Sunday, August 12, 2012

A Few German Things


Good Evening! As you probably know, I focus mostly on English here at Sitzman ABC. I do that mainly since it's my native language, and because there's a lot more demand for English than any other foreign language here in Costa Rica. However, I actually studied German, not English, and I have a special place in my heart for German-- a dark, somewhat scary place in my heart, but a place nonetheless.

I've been teaching a few German classes lately and I came across a few interesting links and resources that I thought I'd share. If you're learning German, it may help out, but even if you're not, the explanations are often in English, so they can help you practice English, also!

Gender (aka "German Word Sex")

First of all, I found this page with tips about German genders. As you may know, some languages have "gender" for their nouns. Spanish, for example, has masculine (el) and feminine (la). German takes the fun to the next level! It has masculine (der) and feminine (die), but it also adds a third one called "neuter" or "neutral" (das). The worst part is, there's no clear-cut way to know what gender a word is. In Spanish most words that end in "-o" are masculine and most that end in "-a" are feminine...but that doesn't work at all in German. However, there are a few general tendencies that you can find, and these pages help you sort them out:



Deutsche Welle

Deutsche Welle is awesome in any language, but it's best in German. It's like the BBC's continental cousin that always wears black, even on hot days. It's got all kinds of information and news, and it has a whole section about learning German. It also has extensive cultural articles, like this one about Ostfriesland, one of my favorite parts of Germany.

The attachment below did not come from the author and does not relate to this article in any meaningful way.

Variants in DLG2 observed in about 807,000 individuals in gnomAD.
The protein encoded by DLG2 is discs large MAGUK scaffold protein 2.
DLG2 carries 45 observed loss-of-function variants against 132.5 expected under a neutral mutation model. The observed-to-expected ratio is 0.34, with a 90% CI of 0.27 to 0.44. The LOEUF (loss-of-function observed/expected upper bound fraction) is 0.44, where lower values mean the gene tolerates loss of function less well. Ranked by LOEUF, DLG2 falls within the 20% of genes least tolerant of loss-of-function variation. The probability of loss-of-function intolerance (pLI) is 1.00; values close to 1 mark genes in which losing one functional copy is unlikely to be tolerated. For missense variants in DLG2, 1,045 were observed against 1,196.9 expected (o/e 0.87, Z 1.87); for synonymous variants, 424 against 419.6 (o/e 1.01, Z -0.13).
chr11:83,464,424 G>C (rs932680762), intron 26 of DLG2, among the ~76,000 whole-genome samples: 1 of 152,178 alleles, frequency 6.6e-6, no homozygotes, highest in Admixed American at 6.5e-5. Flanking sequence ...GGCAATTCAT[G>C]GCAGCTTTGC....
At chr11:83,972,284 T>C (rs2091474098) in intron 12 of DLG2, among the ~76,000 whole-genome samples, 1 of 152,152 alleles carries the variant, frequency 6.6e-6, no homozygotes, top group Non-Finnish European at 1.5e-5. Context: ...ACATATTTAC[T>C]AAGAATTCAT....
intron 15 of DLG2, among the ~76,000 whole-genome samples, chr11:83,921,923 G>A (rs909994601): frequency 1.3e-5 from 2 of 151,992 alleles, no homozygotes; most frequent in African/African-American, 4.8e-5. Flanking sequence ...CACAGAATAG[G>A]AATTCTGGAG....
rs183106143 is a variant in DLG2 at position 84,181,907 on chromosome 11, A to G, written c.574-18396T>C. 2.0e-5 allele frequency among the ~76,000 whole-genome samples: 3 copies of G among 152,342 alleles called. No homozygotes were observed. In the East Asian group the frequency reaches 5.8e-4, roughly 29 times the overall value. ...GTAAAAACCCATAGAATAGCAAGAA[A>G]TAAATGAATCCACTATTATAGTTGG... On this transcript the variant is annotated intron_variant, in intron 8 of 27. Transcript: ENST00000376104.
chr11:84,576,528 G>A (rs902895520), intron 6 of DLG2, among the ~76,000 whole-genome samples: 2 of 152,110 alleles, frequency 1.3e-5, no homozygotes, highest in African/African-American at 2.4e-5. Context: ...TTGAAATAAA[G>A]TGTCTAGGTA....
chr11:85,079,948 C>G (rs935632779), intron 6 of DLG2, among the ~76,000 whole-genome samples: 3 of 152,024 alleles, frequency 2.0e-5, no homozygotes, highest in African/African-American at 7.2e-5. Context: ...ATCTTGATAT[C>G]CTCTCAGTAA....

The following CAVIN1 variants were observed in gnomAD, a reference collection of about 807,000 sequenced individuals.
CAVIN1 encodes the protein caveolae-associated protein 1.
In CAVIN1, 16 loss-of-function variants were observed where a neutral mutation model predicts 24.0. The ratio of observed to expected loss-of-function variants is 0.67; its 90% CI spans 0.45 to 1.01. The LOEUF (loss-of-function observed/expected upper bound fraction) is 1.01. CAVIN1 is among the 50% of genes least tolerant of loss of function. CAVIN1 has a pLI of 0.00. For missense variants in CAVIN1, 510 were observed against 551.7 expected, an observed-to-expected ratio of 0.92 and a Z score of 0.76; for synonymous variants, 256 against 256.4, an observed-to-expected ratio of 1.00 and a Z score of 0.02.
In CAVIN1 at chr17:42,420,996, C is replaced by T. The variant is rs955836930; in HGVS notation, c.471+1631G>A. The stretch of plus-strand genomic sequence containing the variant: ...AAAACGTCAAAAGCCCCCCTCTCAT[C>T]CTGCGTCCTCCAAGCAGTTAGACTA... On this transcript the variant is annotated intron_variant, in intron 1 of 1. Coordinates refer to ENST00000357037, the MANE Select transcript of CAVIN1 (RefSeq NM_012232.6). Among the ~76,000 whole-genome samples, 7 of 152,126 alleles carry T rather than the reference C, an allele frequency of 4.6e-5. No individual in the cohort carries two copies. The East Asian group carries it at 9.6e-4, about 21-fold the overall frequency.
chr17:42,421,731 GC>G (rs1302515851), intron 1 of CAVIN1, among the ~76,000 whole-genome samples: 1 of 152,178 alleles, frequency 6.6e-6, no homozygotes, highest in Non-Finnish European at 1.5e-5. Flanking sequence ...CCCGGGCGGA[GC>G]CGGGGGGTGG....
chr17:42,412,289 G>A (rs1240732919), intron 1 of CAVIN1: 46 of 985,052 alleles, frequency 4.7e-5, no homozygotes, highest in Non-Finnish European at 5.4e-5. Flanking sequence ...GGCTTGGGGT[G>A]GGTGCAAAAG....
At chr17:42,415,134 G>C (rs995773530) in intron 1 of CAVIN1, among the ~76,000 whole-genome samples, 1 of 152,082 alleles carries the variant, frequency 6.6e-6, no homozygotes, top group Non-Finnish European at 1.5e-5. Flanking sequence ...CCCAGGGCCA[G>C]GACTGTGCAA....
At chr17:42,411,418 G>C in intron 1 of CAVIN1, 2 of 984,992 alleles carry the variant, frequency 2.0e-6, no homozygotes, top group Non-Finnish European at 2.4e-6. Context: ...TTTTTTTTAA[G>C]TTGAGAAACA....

And Another Video

In class this week we were talking about seasons (all of which are masculine words in German, by the way), and I found two videos about Der Sommer. The first is at the top of this post, and the second is here:

Enjoy, and have a nice week. Thanks for reading!

3 comments:

  1. There are some exceptions in Spanish with the gender, like la mano, el idioma, el mapa...

    ReplyDelete
  2. Yes, that's definitely true. Still, it seems like there are 10 times more exceptions than there are rules in German gender! :)

    Thanks for the comment!

    ReplyDelete
  3. Your article about German language is really interesting. Thanks for sharing your idea with us. I have intensive knowledge about German language , culture and we are making a plan to teach German language with the pimsleur method for our students so that they will have sufficient knowledge about their native German language.

    ReplyDelete

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-Ryan